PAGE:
INTRODUCTION The Internet is frequently used as a source of medical information by patients. There is no shortage of quantity of information on the Internet. Most studies have concentrated on the content of information provided by orthopaedic websites. This study aims to assess all aspects of website construction, using total hip replacement (THR) as an example.
MATERIALS AND METHODS Using the search term 'total hip replacement', we evaluated the top 50 results from 4 popular search engines. A detailed evaluation of these sites was carried out and data recorded on authorship readability (Flesch score), authority, currency, information status, information value, information quality, graphics and design, navigation, speed and access. These were individually scored using the University of Michigan Consumer Health WebSite Checklist.
RESULTS From the 200 web pages, 167 unqiue Uniform Resource Locators (URLs) were recorded. Of these, 55 provided patient information about THR and were evaluated fully. Of websites, 62% originated in the US. The authorship of the majority of websites was described as commercial (28%) or academic/physician (49%). Website evaluation showed that content, navigation, graphics and speed and were good. However, authority, currency, information status. Information on quality and ease of reading scored poorly.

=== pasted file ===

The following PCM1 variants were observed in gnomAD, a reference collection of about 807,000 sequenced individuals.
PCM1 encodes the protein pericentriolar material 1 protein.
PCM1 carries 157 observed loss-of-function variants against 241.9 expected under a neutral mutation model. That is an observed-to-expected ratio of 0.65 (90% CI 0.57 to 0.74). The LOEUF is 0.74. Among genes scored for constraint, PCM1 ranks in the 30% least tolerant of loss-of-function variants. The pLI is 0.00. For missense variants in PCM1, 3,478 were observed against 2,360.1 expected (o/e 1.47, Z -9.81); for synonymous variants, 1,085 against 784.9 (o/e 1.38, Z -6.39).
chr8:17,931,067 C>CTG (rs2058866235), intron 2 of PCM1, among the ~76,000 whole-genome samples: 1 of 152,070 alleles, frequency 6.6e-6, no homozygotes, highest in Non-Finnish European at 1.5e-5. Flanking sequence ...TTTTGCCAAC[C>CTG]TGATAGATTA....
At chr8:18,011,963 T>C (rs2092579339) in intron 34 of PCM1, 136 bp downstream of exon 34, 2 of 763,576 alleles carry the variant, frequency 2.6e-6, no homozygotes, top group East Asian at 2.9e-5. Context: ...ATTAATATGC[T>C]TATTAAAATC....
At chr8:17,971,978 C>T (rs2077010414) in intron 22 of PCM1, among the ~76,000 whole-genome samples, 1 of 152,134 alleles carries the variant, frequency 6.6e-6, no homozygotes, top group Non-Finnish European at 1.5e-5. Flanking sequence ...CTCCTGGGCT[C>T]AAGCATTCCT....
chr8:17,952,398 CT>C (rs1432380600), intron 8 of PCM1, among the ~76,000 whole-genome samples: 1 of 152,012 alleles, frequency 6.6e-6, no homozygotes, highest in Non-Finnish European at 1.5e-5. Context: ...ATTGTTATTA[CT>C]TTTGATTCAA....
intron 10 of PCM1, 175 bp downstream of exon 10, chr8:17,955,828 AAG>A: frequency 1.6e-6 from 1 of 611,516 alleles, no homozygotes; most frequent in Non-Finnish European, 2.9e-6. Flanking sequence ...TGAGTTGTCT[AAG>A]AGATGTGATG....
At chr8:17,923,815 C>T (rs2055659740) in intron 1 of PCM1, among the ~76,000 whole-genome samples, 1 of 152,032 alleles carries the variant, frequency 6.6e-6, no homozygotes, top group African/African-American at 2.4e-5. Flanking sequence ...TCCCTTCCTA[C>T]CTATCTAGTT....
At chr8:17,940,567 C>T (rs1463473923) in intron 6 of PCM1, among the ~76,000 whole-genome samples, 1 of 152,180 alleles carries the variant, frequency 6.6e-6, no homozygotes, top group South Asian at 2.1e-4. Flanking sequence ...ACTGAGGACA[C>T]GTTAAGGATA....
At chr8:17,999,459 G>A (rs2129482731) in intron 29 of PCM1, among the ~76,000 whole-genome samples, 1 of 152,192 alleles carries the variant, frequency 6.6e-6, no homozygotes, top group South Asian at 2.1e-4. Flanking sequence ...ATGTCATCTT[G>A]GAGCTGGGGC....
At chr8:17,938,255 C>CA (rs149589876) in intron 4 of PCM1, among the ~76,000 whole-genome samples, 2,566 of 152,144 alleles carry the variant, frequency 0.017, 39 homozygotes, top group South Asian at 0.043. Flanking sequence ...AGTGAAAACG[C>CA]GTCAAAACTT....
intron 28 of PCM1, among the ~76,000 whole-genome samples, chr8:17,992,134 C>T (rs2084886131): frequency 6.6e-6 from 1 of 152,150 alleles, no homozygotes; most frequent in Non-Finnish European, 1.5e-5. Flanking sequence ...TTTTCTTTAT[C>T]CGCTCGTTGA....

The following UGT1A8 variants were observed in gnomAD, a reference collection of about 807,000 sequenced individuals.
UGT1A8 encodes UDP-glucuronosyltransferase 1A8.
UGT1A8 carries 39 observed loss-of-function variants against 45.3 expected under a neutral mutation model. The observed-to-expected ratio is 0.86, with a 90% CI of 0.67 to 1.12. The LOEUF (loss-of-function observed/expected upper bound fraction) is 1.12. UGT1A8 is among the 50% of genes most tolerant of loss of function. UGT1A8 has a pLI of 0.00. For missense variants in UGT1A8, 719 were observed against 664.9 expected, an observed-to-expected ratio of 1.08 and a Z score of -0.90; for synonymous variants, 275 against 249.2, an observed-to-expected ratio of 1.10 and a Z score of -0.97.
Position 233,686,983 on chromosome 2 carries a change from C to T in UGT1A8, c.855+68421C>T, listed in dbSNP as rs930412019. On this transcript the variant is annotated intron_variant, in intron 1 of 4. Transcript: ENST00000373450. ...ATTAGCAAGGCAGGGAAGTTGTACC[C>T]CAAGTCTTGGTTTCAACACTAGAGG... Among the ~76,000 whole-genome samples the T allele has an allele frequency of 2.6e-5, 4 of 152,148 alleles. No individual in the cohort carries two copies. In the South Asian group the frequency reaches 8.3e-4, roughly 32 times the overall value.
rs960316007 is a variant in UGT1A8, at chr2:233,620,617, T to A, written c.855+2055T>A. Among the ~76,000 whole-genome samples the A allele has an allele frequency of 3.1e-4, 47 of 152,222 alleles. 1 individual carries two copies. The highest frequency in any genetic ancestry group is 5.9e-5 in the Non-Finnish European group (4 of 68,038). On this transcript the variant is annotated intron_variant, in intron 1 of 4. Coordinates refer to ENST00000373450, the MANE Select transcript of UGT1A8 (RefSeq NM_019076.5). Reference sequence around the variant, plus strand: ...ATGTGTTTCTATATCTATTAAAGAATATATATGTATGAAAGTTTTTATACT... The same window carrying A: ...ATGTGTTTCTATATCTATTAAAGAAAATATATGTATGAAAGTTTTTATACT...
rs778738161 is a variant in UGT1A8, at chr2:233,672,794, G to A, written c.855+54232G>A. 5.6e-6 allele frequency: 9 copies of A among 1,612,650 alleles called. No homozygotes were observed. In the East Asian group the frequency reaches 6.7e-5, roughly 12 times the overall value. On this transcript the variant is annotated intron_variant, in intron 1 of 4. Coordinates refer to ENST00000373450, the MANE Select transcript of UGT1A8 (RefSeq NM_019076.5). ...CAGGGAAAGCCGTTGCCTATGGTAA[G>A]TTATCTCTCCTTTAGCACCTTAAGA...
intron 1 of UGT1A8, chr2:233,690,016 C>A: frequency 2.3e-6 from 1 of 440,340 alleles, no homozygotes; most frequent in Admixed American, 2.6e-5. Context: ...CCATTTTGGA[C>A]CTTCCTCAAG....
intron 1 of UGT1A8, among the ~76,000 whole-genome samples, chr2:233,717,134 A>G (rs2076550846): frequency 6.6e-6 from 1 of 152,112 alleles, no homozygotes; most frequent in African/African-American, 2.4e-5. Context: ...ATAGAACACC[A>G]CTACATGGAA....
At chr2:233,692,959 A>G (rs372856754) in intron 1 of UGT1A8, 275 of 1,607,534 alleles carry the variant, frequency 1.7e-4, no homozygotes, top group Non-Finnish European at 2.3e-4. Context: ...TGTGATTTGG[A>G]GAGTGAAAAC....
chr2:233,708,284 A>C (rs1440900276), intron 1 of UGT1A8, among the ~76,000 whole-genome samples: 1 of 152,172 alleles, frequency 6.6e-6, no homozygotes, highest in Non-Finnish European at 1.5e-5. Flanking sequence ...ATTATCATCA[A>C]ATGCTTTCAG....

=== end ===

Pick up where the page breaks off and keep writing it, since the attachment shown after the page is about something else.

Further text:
DISCUSSION Most of the sites visited presented adequate information on about THR. However, the manner in which this information was presented is poor.
|Number of pages||4|
|Journal||Annals of The Royal College of Surgeons of England|
|Publication status||Published - Nov 2007|
- orthopaedic surgery
- total hip replacement
- information quality